Atrioesophageal fistula: A risk of atrial fibrillation ablation

Document Type

Conference Proceeding

Publication Date


Publication Title

Crit Care Med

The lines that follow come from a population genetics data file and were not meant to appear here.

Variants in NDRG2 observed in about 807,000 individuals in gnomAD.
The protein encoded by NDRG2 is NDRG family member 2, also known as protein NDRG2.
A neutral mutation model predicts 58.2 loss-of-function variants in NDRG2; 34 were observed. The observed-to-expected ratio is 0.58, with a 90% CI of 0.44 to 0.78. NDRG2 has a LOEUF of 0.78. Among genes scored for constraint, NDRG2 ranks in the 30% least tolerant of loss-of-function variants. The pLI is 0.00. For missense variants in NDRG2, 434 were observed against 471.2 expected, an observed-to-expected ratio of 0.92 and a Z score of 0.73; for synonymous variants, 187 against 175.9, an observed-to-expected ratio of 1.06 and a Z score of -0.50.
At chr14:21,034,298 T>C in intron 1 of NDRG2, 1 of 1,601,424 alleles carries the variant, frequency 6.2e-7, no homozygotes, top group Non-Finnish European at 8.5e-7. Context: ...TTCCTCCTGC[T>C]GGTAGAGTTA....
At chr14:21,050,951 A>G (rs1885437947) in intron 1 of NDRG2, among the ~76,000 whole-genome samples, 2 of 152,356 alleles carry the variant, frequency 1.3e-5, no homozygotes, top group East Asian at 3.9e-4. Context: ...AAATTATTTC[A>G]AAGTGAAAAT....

Learning Objectives: Atrial-Fibrillation (AFib) affects 3-6 million Americans. Preferred management is rate-control with anticoagulation. Rhythm-control can be used for symptomatic AFib with some support for atrial ablation as a safe alternative, especially to avoid antiarrhythmic adverse effects. There is an observed 3% complication rate associated with ablation. The most severe complication, Atrioesophageal Fistula (AEF), occurs in less than 0.1% of patients. Despite the rare occurrence, it carries a high rate of mortality. Methods: 52-year-old male with history of AFib on rivaroxaban and metoprolol, now 3 weeks post radiofrequency ablation, presented with ripping chest pain. He was febrile and tachycardic with leukocytosis. CT angiography was negative for concern of aortic dissection. He had a seizure in the ED prompting antibiotic treatment of suspected CNS infection. Blood cultures grew S. mitis, S. salvarius and Neisseria species. Subsequent development of left extremity weakness prompted CNS imaging which revealed multiple acute infarcts. He was transferred to a tertiary center for escalation of care. On ICU arrival, repeat CT head confirmed embolic infarcts with new hemorrhage. Review of outside CT chest showed extra-esophageal gas posterior to the left atrium concerning for AEF. Cardiothoracic surgery performed CT esophogram confirming gas but no signs of AEF. Endoscopy did not reveal esophageal perforation. TEE ruled out endocarditis, but found a small ASD. AEF was thought unlikely and an IVC filter was placed. Later while eating, the patient had acute loss of consciousness requiring intubation. CT head without contrast showed new embolic infarcts and hemorrhages. Given recurrence of fever and bacteremia, CT body was performed showing air in the left atrium supporting previously suspected AEF. Neurologically devastated and a poor surgical candidate, he was made comfort care and passed. Results: Patients developing AEF usually present 2-60 days after ablation. Most common symptoms are fever, neurological deficits, bleeding and chest pain. Fistulas are often one-way causing embolism more often than bleed. CT is the test of choice but only 75% sensitive initially and 85% on repeat. Endoscopy and TEE are relatively contraindicated. Surgery is the preferred treatment with 34% mortality versus 64% with stenting and almost 100% with medical management. AEF are extremely difficult to confirm and often herald death, but with high suspicion and rapid intervention meaningful survival is possible.





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